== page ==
A recent Yale study found a correlation between the propensity to think analytically and the ability to discern real from fake news.
David Rand and Gordon Pennycook, researchers in Yale’s Department of Psychology, submitted a paper entitled “Who Falls for Fake News?” for publication on Sept. 12. Rand and Pennycook disseminated three tests in which they evaluated both participants’ analytic thinking, via the Cognitive Reflection Test, or CRT, and participants’ tendency to believe inaccurate and often fantastical news headlines. The study establishes a positive correlation between performance on the CRT and the ability to differentiate real from fake news, what the researchers described as “media truth discernment.”
“Fake news, and political misinformation more generally, is a huge problem facing the world currently, and we wanted to try to understand it as psychologists,” Rand said.
In their initial test, Pennycook and Rand presented 402 participants with six fake news items formatted in the style of a Facebook post and asked them to gauge the headlines’ accuracy on a scale of one to five. The two researchers also asked participants to complete the CRT and two questionnaires. The first questionnaire measured participants’ tendency to overclaim, or to declare familiarity with something that does not exist, while the second measured their inclination to find meaning in “pseudo-profound bulls—”: random sentences composed primarily of buzzwords, such as “we are in the midst of a high-frequency blossoming of interconnectedness that will give us access to the quantum soup itself.”
The study results show a “cluster of different behaviors which all relate to the same kind of automatic, intuitive cognitive style: falling for fake news, thinking random sentences — and Deepak Chopra quotes — are profound, claiming to know things which you don’t actually,” Rand said.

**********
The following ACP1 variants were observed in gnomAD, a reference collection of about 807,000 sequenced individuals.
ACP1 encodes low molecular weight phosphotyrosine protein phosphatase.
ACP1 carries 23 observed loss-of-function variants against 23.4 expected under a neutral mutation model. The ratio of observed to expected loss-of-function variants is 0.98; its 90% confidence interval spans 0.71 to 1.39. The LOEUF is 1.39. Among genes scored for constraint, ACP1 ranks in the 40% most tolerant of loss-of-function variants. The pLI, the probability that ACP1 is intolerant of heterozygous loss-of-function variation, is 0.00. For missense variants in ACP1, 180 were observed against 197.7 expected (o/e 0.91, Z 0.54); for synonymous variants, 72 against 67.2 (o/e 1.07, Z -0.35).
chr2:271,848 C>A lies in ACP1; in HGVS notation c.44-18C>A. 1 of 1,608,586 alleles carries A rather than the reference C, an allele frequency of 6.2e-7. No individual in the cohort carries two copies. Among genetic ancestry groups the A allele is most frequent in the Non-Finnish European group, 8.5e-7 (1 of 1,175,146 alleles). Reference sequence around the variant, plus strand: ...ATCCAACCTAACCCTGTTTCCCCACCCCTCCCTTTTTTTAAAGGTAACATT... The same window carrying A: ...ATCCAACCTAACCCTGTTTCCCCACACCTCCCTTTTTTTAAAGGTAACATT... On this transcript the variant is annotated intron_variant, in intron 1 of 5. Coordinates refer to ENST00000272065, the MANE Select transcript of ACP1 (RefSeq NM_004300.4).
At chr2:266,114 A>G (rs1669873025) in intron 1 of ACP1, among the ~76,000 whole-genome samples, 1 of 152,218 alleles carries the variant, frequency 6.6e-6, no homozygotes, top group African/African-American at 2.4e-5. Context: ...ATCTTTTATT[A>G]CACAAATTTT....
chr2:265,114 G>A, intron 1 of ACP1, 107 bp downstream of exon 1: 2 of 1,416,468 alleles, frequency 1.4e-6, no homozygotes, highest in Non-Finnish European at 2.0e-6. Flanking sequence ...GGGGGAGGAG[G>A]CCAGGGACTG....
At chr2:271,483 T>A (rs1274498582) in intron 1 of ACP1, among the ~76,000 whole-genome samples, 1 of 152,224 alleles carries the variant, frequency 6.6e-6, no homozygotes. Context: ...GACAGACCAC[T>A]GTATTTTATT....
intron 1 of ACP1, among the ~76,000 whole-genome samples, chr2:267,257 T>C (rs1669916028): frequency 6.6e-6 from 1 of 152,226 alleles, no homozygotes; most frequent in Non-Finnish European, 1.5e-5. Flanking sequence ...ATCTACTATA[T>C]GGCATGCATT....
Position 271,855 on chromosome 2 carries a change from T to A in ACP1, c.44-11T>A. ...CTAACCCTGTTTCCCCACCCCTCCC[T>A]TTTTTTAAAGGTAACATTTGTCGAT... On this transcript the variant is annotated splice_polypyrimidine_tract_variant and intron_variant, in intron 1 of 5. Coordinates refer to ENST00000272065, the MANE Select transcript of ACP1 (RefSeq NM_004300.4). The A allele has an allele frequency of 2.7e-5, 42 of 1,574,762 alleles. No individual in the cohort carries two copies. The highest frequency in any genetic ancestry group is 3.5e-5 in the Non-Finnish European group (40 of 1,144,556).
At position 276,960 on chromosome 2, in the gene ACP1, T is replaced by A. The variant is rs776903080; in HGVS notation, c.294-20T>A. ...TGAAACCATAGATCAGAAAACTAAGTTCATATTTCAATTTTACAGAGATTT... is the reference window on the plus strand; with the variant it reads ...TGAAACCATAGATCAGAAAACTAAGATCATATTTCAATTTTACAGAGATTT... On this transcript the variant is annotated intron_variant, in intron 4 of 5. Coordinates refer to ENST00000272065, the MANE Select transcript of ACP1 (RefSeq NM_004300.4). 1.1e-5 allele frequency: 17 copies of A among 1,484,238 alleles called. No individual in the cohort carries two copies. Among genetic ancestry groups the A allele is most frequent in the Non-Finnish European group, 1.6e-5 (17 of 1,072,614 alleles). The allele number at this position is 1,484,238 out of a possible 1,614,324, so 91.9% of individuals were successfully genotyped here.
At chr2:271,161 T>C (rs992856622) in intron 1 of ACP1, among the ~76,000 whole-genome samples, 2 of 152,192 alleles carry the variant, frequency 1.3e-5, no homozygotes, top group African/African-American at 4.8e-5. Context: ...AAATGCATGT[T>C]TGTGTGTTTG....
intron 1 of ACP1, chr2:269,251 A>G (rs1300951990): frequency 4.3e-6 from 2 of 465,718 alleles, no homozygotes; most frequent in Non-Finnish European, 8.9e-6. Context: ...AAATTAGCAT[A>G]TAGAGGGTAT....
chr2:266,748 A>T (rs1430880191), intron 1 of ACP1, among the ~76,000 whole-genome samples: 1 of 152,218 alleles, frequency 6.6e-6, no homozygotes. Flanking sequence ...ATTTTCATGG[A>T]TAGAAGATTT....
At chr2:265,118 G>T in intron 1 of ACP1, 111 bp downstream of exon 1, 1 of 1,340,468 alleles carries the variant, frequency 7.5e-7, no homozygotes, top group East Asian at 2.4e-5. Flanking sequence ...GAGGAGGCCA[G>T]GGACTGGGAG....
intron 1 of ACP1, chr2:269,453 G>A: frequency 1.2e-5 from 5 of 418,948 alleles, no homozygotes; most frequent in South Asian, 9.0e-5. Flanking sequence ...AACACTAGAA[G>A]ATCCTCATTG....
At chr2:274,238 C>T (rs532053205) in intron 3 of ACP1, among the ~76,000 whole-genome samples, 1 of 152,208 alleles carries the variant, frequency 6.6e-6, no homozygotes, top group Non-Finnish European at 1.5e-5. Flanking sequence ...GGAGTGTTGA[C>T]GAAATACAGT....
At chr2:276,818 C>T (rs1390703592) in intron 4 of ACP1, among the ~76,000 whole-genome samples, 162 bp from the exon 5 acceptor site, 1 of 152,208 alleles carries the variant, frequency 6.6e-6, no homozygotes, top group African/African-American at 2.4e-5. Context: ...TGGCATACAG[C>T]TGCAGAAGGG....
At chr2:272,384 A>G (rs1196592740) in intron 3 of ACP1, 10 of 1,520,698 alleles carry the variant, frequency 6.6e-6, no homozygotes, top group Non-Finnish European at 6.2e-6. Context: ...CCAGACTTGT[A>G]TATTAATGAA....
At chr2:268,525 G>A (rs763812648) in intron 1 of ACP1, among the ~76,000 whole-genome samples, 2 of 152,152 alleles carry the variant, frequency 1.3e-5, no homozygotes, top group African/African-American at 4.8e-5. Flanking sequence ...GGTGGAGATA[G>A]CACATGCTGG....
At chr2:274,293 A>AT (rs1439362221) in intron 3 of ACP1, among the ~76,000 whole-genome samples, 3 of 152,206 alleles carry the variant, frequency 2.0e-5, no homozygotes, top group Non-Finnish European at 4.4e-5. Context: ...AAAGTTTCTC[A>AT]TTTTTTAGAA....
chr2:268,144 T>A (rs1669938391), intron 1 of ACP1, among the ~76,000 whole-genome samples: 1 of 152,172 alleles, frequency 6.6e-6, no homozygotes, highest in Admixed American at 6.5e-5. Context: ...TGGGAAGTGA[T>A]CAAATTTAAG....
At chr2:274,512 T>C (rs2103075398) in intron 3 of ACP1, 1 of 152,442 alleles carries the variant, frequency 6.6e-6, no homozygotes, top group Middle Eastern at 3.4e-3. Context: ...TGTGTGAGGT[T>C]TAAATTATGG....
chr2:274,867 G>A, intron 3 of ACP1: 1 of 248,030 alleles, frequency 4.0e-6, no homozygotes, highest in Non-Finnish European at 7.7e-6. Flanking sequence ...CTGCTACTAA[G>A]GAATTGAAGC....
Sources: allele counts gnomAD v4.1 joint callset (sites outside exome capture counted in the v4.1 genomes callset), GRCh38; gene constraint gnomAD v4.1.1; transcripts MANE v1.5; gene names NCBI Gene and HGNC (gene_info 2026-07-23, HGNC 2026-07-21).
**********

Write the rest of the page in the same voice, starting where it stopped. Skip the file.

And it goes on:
In short, a low CRT, high receptivity to “pseudo-profound bulls—” and willingness to overclaim predict the belief in the accuracy of fake news.
Students interviewed by the News were unsurprised by the study’s findings.
“It makes sense that with lower analytical skills it would be more difficult to detect bias, to detect hidden agendas,” said Matthew Wrocklage ’18.
According to Rand, identifying those who are more susceptible to fake news has larger implications.
“The ‘who’ also informs the ‘why’: Our work suggests that part of the ‘why’ is people not thinking about headlines they read in a careful, deliberative way,” he said.
The study also addresses an alternative account, according to which politically motivated reasoning drives belief in fake news. To test the motivated reasoning account, Pennycook and Rand compiled a larger list of fake and real news items geared towards Democrats and Republicans. They again asked participants to rate the stories’ accuracy.
The results not only disputed the motivated reasoning account, but they also revealed a difference in media truth discernment across partisan lines. Participants who reported voting for Hillary Clinton LAW ’73 in the 2016 election were better able to discern fake from real news across the full range of items than those who reported supporting then–presidential candidate Donald Trump. In another model, the researchers tested whether CRT performance mediates the relationship between political beliefs and proclivity to fall for fake news. Data pointed to a negative correlation between analytical thinking and conservatism.
“I don’t think I’m too shocked,” Crystal Nieves ’21 said in response to the findings.
Rand mentioned receiving a little, but not too much, backlash from right-leaning organizations for the findings.
Further experimentation on the question of “Who Falls for Fake News?” seeks to dispel potential hitches in the conclusion that analytic individuals are genuinely better able to identify fake news. In part, it examines whether analytical thinkers have heightened media truth discernment simply because they are more skeptical of all news media or because they make judgments about the credibility of sources. Evidence gathered from the 402 participants suggests that neither explanation holds.
In a paper submitted concurrently with “Who Falls for Fake News?” Rand and Pennycook assessed the impact of third-party fact checking warnings on users’ inclination to believe fake news.
Brianna Wu | firstname.lastname@example.org